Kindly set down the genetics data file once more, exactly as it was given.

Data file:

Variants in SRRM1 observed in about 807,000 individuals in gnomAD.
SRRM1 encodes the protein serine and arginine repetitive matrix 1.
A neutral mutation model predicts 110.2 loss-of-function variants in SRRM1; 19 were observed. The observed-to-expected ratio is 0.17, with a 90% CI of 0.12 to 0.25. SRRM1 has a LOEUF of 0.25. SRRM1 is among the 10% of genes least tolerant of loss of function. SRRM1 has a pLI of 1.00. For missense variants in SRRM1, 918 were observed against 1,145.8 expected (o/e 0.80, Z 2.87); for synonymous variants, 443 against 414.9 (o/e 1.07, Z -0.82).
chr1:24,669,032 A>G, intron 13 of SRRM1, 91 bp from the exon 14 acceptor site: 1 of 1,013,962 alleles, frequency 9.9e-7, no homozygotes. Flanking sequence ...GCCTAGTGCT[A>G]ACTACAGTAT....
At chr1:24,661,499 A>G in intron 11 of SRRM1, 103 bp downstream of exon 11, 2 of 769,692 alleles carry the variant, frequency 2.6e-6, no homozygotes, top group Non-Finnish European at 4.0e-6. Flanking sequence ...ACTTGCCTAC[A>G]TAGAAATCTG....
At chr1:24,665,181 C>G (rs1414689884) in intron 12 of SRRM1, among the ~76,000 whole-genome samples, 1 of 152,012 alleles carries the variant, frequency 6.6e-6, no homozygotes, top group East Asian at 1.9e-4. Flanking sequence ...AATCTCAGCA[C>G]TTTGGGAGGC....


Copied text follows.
Variants in SRRM1 observed in about 807,000 individuals in gnomAD.
SRRM1 encodes the protein serine and arginine repetitive matrix 1.
A neutral mutation model predicts 110.2 loss-of-function variants in SRRM1; 19 were observed. The observed-to-expected ratio is 0.17, with a 90% CI of 0.12 to 0.25. SRRM1 has a LOEUF of 0.25. SRRM1 is among the 10% of genes least tolerant of loss of function. SRRM1 has a pLI of 1.00. For missense variants in SRRM1, 918 were observed against 1,145.8 expected (o/e 0.80, Z 2.87); for synonymous variants, 443 against 414.9 (o/e 1.07, Z -0.82).
chr1:24,669,032 A>G, intron 13 of SRRM1, 91 bp from the exon 14 acceptor site: 1 of 1,013,962 alleles, frequency 9.9e-7, no homozygotes. Flanking sequence ...GCCTAGTGCT[A>G]ACTACAGTAT....
At chr1:24,661,499 A>G in intron 11 of SRRM1, 103 bp downstream of exon 11, 2 of 769,692 alleles carry the variant, frequency 2.6e-6, no homozygotes, top group Non-Finnish European at 4.0e-6. Flanking sequence ...ACTTGCCTAC[A>G]TAGAAATCTG....
At chr1:24,665,181 C>G (rs1414689884) in intron 12 of SRRM1, among the ~76,000 whole-genome samples, 1 of 152,012 alleles carries the variant, frequency 6.6e-6, no homozygotes, top group East Asian at 1.9e-4. Flanking sequence ...AATCTCAGCA[C>G]TTTGGGAGGC....